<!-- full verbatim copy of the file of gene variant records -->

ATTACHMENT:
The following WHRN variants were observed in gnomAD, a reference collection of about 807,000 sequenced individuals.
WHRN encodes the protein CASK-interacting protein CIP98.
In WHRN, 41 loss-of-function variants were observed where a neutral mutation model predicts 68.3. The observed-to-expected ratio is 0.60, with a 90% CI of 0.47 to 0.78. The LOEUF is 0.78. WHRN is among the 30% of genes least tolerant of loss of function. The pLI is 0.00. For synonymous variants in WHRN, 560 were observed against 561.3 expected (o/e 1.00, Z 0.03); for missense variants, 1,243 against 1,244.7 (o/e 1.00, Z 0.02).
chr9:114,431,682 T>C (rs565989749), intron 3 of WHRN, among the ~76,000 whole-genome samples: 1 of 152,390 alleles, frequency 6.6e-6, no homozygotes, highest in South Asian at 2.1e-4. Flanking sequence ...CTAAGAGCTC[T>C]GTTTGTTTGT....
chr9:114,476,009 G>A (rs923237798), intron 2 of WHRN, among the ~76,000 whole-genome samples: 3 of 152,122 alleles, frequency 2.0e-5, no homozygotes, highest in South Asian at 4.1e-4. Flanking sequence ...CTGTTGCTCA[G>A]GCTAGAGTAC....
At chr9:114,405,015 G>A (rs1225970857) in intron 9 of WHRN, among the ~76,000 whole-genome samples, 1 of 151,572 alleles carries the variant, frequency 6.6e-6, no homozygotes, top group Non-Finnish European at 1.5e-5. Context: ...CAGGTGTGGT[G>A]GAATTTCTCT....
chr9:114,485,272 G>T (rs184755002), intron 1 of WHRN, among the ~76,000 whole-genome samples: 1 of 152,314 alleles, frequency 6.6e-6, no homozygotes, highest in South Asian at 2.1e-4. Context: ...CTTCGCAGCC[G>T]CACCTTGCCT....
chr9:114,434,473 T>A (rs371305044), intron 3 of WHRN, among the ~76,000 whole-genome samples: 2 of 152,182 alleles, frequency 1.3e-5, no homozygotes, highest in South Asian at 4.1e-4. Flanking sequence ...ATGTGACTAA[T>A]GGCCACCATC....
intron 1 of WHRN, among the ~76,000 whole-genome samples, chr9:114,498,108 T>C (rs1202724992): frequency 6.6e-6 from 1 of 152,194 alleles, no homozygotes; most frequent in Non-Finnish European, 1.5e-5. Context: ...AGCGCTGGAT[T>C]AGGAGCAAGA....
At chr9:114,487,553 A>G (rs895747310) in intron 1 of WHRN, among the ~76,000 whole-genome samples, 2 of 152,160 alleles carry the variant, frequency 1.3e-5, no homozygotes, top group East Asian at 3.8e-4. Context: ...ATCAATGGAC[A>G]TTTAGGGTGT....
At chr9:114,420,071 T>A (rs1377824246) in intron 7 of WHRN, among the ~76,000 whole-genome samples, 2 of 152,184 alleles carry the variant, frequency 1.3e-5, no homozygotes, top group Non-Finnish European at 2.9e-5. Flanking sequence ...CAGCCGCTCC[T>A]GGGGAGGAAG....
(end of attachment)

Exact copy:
The following WHRN variants were observed in gnomAD, a reference collection of about 807,000 sequenced individuals.
WHRN encodes the protein CASK-interacting protein CIP98.
In WHRN, 41 loss-of-function variants were observed where a neutral mutation model predicts 68.3. The observed-to-expected ratio is 0.60, with a 90% CI of 0.47 to 0.78. The LOEUF is 0.78. WHRN is among the 30% of genes least tolerant of loss of function. The pLI is 0.00. For synonymous variants in WHRN, 560 were observed against 561.3 expected (o/e 1.00, Z 0.03); for missense variants, 1,243 against 1,244.7 (o/e 1.00, Z 0.02).
chr9:114,431,682 T>C (rs565989749), intron 3 of WHRN, among the ~76,000 whole-genome samples: 1 of 152,390 alleles, frequency 6.6e-6, no homozygotes, highest in South Asian at 2.1e-4. Flanking sequence ...CTAAGAGCTC[T>C]GTTTGTTTGT....
chr9:114,476,009 G>A (rs923237798), intron 2 of WHRN, among the ~76,000 whole-genome samples: 3 of 152,122 alleles, frequency 2.0e-5, no homozygotes, highest in South Asian at 4.1e-4. Flanking sequence ...CTGTTGCTCA[G>A]GCTAGAGTAC....
At chr9:114,405,015 G>A (rs1225970857) in intron 9 of WHRN, among the ~76,000 whole-genome samples, 1 of 151,572 alleles carries the variant, frequency 6.6e-6, no homozygotes, top group Non-Finnish European at 1.5e-5. Context: ...CAGGTGTGGT[G>A]GAATTTCTCT....
chr9:114,485,272 G>T (rs184755002), intron 1 of WHRN, among the ~76,000 whole-genome samples: 1 of 152,314 alleles, frequency 6.6e-6, no homozygotes, highest in South Asian at 2.1e-4. Context: ...CTTCGCAGCC[G>T]CACCTTGCCT....
chr9:114,434,473 T>A (rs371305044), intron 3 of WHRN, among the ~76,000 whole-genome samples: 2 of 152,182 alleles, frequency 1.3e-5, no homozygotes, highest in South Asian at 4.1e-4. Flanking sequence ...ATGTGACTAA[T>A]GGCCACCATC....
intron 1 of WHRN, among the ~76,000 whole-genome samples, chr9:114,498,108 T>C (rs1202724992): frequency 6.6e-6 from 1 of 152,194 alleles, no homozygotes; most frequent in Non-Finnish European, 1.5e-5. Context: ...AGCGCTGGAT[T>C]AGGAGCAAGA....
At chr9:114,487,553 A>G (rs895747310) in intron 1 of WHRN, among the ~76,000 whole-genome samples, 2 of 152,160 alleles carry the variant, frequency 1.3e-5, no homozygotes, top group East Asian at 3.8e-4. Context: ...ATCAATGGAC[A>G]TTTAGGGTGT....
At chr9:114,420,071 T>A (rs1377824246) in intron 7 of WHRN, among the ~76,000 whole-genome samples, 2 of 152,184 alleles carry the variant, frequency 1.3e-5, no homozygotes, top group Non-Finnish European at 2.9e-5. Flanking sequence ...CAGCCGCTCC[T>A]GGGGAGGAAG....